The Schools, Health, Libraries Broadband Coalition (SHLB) filed comments to the FCC on September 26, 2018 in support of New York City Board of Education’s July 2018 appeal tied to “duplicative services”. In FY2014, New York City Schools was denied $760,400 in E-rate support and filed an appeal with the FCC. USAC denied New York City’s application applying the Macomb precedent from May 2007 that “…..the Commission found that applicants must select the most cost-effective service offering, and price should be the primary factor considered when determining which service offering is the most cost-effective…..requests for duplicative services, described as services that provide the same functionality for the same population in the same location during the same period of time, will be rejected…”
 
The attack on the World Trade Center in 2001 brought down the school’s only Internet service provider and the school system had similar issues in 2012 with Hurricane Sandy and sought to address these concerns in FY2014 with their E-rate applications. In support of New York’s appeal, SHLB stated, “….E-rate applicants could be similarly left without service in the event of a flood or other natural disaster, or simply because of accidental fiber cut. Due in large part to the E-rate efforts of the Commission, broadband has become a pervasive and necessary resource for our nation’s schools and libraries. It has fundamentally changed — and continues to change — the way our schools operate, communicate, perform administrative tasks, and educate our children. Particularly for schools, network reliability has become absolutely essential. Loss of Internet capability, especially during periods of intensive online testing, can leave schools without a “plan B” and waste valuable instructional time. Further, loss of services can be a school safety issue as well. Many schools and libraries now may rely on the same lines and Internet access to receive VoIP telephone service. If the Internet is down, so are the phones, limiting a school’s ability to contact first responders in the event of an emergency….”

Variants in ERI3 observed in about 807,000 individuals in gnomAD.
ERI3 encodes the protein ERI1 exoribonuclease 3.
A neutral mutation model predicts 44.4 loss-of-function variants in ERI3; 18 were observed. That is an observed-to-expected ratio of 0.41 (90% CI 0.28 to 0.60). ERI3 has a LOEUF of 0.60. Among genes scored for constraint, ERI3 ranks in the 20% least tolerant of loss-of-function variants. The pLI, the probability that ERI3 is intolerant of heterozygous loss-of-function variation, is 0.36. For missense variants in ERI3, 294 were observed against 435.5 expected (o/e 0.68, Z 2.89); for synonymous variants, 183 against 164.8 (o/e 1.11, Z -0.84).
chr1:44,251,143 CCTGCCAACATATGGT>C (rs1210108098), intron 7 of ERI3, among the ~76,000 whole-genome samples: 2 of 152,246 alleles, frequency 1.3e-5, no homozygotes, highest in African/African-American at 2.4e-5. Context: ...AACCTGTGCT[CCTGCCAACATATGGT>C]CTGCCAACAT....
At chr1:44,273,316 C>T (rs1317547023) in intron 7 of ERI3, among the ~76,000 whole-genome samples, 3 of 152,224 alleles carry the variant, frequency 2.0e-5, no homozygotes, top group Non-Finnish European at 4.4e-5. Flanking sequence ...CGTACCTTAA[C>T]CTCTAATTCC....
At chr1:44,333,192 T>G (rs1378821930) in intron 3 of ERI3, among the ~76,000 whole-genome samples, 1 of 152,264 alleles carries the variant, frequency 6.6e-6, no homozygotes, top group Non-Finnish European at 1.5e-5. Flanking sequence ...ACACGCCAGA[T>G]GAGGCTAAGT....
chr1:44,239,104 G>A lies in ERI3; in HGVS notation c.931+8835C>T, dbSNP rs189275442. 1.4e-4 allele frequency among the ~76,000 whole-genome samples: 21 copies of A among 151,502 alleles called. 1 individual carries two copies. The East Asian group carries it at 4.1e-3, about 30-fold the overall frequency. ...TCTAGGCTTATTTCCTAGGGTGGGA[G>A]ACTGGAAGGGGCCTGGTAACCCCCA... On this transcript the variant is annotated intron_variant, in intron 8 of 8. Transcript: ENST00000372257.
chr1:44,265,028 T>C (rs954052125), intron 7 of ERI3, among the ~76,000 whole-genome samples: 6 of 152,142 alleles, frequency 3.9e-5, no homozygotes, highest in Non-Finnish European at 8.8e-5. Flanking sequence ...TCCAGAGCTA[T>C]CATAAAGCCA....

The New York City appeal can be viewed here
The SHLB Letter of Support can be viewed here